Esposito grinned. "You haven't seen this guy."
The four of them trooped into the viewing room and looked at Nick Halden through the glass. He had dark wavy hair and classical features, a black leather jacket. And fine, he was pretty, and not in a condescending way either. But discussing the finer points of the adjective's applicability could only lead to getting teased, so Castle distracted himself and the others with, "Nice watch."
As he said it, there was a commotion outside, and a tall, harried-looking man knocked on the viewing room door. "Detective Ryan?"
"Detectives Ryan, Esposito and Beckett," said Castle, helpfully, pointing to each of them in turn. "I'm the token civilian."
The man held up a badge. "Peter Burke, FBI. You're holding Nick Halden for questioning."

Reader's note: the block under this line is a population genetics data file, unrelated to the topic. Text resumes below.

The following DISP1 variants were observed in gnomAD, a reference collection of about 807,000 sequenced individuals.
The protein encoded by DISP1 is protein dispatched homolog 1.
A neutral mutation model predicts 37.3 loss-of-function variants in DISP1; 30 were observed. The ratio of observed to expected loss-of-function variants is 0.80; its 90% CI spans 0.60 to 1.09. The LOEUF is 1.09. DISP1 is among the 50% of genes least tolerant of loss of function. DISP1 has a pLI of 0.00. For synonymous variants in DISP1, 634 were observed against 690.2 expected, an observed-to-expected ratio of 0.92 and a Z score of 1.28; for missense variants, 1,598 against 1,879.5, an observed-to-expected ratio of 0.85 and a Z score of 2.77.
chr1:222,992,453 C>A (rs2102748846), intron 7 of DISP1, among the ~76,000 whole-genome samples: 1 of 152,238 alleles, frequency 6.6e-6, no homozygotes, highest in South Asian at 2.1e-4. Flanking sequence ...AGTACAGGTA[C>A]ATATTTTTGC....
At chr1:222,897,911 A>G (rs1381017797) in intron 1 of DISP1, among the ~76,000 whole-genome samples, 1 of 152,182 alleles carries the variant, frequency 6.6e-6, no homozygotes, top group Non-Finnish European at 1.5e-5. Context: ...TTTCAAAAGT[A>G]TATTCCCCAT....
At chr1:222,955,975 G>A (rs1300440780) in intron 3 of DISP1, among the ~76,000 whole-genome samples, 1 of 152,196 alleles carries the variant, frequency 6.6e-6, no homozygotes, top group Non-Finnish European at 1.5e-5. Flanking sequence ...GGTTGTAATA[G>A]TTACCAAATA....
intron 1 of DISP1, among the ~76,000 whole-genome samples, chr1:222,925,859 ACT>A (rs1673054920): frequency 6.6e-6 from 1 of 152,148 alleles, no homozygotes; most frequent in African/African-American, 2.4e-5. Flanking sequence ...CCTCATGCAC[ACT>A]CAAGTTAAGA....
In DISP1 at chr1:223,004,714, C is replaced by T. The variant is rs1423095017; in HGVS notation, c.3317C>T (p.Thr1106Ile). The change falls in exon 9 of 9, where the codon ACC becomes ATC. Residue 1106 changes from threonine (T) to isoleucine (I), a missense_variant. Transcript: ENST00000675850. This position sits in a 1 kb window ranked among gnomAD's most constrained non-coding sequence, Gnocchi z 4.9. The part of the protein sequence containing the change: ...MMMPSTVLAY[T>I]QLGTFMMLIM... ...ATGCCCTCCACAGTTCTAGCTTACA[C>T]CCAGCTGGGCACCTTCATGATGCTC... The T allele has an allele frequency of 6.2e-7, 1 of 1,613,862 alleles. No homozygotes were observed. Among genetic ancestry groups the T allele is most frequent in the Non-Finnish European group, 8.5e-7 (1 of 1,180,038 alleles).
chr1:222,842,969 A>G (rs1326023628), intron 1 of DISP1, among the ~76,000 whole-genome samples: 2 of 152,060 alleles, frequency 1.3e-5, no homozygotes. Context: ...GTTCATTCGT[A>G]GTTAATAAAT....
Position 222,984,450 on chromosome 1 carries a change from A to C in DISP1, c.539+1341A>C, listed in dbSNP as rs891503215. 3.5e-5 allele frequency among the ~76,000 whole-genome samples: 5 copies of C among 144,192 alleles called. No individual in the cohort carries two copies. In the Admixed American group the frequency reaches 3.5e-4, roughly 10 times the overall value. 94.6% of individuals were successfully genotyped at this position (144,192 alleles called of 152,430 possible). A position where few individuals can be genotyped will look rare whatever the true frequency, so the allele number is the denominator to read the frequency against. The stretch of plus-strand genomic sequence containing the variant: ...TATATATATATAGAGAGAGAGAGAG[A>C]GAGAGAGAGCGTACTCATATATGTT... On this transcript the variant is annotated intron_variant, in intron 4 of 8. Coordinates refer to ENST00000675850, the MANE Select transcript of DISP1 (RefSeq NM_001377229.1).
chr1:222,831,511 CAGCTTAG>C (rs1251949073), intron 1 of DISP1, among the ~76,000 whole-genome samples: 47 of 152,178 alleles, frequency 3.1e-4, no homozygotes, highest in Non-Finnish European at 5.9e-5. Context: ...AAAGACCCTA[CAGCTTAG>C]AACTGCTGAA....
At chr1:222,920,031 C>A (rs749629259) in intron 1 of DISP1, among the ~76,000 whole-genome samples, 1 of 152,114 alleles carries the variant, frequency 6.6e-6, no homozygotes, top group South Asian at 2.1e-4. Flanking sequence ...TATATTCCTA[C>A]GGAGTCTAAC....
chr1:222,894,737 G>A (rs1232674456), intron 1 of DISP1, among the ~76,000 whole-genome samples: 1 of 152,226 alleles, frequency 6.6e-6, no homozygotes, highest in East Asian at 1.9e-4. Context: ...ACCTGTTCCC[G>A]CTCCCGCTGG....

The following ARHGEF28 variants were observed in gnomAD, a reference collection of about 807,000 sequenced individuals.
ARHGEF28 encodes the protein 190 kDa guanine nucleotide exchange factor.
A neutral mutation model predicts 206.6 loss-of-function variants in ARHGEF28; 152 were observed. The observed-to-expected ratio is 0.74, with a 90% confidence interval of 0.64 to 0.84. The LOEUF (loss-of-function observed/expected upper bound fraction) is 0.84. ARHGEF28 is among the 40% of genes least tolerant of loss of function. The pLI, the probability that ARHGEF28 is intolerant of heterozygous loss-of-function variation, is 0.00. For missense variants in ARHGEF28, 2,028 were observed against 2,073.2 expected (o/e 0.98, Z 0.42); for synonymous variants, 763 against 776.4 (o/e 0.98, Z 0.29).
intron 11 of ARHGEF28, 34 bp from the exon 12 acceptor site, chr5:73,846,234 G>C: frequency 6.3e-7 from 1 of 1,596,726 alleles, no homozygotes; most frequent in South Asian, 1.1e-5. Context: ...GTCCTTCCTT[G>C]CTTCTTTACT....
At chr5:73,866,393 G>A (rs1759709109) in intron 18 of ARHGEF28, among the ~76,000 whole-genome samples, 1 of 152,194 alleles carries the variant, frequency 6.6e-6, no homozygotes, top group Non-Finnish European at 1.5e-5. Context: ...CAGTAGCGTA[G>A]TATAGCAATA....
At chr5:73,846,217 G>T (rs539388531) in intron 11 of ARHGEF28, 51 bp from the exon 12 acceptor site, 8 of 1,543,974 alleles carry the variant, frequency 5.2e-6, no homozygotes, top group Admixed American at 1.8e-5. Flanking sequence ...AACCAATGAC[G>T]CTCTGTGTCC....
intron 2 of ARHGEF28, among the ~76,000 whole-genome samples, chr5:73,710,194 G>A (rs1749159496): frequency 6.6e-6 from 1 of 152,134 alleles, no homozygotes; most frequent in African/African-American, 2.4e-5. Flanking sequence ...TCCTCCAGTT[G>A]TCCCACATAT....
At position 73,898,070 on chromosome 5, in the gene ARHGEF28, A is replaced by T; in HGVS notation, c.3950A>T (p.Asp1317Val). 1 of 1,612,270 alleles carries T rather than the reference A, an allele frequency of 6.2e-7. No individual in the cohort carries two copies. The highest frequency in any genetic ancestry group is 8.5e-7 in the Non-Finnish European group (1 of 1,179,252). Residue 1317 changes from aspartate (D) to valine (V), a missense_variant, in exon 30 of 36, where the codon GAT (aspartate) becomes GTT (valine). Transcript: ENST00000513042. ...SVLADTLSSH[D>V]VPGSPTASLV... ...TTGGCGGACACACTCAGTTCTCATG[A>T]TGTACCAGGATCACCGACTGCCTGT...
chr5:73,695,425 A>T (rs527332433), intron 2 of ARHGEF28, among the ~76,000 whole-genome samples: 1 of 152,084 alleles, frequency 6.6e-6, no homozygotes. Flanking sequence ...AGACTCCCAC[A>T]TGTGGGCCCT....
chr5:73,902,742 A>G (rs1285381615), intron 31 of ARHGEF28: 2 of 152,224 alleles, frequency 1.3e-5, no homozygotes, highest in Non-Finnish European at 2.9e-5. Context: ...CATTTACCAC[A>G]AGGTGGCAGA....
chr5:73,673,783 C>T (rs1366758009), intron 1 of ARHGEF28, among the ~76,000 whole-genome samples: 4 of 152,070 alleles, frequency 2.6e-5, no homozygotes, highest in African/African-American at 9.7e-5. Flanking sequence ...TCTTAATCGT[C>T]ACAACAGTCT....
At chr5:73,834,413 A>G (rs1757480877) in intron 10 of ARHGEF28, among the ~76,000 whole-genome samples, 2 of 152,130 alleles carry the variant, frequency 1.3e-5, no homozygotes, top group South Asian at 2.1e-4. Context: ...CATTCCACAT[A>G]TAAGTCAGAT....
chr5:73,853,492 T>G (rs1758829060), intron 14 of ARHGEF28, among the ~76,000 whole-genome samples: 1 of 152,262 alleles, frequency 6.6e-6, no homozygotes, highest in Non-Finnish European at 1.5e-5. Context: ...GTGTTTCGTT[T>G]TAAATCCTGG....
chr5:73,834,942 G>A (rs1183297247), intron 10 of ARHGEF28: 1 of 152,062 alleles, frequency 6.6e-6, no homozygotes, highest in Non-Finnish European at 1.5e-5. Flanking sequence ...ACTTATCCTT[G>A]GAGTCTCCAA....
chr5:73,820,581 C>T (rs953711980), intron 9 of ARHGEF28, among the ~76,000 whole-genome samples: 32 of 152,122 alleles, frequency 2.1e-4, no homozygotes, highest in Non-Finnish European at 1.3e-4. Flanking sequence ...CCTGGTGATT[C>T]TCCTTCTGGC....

"He's the lead suspect in the murder of Dion West," said Beckett. "What's your interest?"
"His real name is Neal Caffrey, and he's my CI," said Burke. "We're after West's business partner, Evan Morrison, for embezzling."
As if Caffrey could hear them, he looked up at the one-way glass and waved.
Beckett folded her arms. "Well, given the C in CI stands for 'criminal' and Mr. Caffrey was found at the scene of the crime, we're going to have to pursue our investigation."
Burke held up his hands. "Okay, fine. But that watch he's wearing is FBI issue, and it's equipped with GPS."
"He could have slipped it," said Beckett, unimpressed.
"Not if he knows what's good for him," said Burke. "Trust me, I know this guy. Neal didn't murder anyone."
"You'll have to forgive me, but I'm not a very trusting person," said Beckett.
"She's one of the most suspicious people I know," said Castle. "Occupational hazard."
Three detectives, a federal agent and an award-winning author all swiveled to face the glass, behind which stood Caffrey, wide-eyed with assumed innocence, slightly disheveled and really quite distractingly pretty.
Peter knocked on the glass, shave and a haircut, and Caffrey visibly relaxed. "I didn't do it." A sly grin lit his face. "But I know who did."